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The Company of the Dead

Authors: David J Kowalski
Publisher: Titan Books  £8.99
Review: by David Stonehouse.

April 1912. On board the RMS Titanic a mysterious time traveller hands Mr Fleet the lookout a pair of binoculars. Hours later Mr Fleet spots an iceberg in the ship’s path in time for her to turn and sail past in safety.

One hundred years later Captain John Lightholler, a descendant of a crew member on the original, sails a commemorative replica of the Titanic safely into a New York in a world which is very different from our own and teetering on the brink of an apocalyptic nuclear war.

So begins David J Kowalski’s mind-boggling time travel epic The Company of the Dead. It’s a book he has been working on for well over a decade and the result is an absolute behemoth of imagination. At 750 pages of dense print this really is a massive undertaking.

Kowalski’s world is a meticulously created alternate history based on the idea that when the Titanic sank a number of very powerful and influential people went down with the ship. If some of them had survived and continued on their paths to power and influence the international politics of the early twentieth century might have led to some very different outcomes. What if a traveller from the future changed the course of history to prevent the world wars and everything that happened as a consequence? What if that same act sent history on a path that was even worse?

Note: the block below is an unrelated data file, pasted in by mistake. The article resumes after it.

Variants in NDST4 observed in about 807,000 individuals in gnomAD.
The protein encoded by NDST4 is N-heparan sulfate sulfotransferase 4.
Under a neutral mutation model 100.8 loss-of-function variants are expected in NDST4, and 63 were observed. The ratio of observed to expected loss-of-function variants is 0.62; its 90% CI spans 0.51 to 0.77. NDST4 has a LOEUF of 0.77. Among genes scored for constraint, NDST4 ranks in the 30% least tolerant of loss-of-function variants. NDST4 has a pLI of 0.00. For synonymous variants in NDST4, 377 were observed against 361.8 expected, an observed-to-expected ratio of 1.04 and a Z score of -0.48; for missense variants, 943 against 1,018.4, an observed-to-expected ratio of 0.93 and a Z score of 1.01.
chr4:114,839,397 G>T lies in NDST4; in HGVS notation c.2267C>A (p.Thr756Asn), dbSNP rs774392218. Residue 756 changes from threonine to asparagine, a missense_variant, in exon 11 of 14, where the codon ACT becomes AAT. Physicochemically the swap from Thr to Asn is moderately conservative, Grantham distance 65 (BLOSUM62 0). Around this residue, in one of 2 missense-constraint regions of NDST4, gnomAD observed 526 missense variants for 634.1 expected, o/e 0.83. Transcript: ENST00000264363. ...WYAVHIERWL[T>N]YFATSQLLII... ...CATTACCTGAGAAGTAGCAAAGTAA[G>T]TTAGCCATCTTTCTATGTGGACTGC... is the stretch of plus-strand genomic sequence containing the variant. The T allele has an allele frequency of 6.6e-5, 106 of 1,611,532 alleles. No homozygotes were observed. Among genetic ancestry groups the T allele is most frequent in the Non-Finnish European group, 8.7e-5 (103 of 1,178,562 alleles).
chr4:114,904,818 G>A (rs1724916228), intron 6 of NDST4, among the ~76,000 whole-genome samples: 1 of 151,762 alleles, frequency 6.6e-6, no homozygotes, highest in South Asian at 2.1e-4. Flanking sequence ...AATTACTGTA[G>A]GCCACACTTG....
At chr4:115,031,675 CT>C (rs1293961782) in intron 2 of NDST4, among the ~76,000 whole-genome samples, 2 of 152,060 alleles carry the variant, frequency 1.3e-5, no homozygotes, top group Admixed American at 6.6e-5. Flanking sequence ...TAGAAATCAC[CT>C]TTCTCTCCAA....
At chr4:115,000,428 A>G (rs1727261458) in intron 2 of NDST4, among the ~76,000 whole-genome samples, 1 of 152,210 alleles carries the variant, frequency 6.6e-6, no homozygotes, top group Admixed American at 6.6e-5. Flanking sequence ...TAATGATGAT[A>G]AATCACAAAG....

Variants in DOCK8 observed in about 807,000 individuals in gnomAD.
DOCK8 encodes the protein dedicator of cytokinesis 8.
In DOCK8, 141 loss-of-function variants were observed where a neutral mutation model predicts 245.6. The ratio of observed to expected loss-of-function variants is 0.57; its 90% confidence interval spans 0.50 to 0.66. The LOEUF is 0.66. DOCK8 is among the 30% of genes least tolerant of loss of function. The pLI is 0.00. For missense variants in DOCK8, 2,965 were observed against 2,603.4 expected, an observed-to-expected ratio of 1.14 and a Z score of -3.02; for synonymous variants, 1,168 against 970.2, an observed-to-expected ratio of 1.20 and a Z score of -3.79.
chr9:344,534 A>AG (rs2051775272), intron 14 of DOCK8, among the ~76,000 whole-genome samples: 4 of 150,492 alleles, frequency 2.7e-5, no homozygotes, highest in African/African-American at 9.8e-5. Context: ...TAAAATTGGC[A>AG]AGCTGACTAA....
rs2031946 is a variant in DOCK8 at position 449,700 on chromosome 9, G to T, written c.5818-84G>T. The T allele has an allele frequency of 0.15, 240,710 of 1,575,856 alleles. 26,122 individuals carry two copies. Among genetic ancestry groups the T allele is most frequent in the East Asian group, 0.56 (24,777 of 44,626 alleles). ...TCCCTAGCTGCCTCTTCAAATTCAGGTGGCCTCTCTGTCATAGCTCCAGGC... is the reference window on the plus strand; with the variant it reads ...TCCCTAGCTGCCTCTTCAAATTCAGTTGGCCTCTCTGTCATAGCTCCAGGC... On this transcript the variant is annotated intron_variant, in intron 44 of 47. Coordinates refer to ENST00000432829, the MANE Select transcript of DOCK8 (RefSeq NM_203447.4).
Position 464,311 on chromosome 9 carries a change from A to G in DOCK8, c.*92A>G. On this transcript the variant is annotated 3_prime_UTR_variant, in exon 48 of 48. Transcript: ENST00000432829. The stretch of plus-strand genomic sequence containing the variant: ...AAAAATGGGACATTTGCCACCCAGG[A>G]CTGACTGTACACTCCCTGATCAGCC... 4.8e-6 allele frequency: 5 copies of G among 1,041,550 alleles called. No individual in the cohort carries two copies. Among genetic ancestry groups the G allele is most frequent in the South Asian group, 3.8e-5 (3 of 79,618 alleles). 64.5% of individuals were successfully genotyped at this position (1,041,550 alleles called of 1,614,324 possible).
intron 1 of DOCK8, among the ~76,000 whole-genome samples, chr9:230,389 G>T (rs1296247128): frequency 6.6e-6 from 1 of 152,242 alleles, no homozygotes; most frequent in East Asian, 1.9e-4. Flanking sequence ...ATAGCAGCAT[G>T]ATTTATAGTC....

In Kowalski’s alternate history the USA separated back into Union and Confederate states and never intervened in the European conflicts. Hitler never rose to power and, instead, three superpowers; the German and British Empire, the Japanese Empire and the Russian Empire, balance power across the globe. Unfortunately it is an uneasy, distrustful balance and tensions threaten to tip the whole mess into global war. To imagine a different world is easy but to present it so convincingly that it is compellingly believable is something else entirely. Kowalski succeeds completely. The alt history and politics are entirely plausible and the description of his world is immersively real. Our world is recognisable but with twists, Japanese troops stand sentry in New York and Confederate states are supported by German allies. Technology has developed down slightly different paths and there are huge zeppelins and giant airborne military bases call Stratolites guarding the sky. It’s all a bit bewildering to begin with but fortunately Kowalski paints on such a huge canvas that there is plenty of time for it all to bed down and become real to the reader.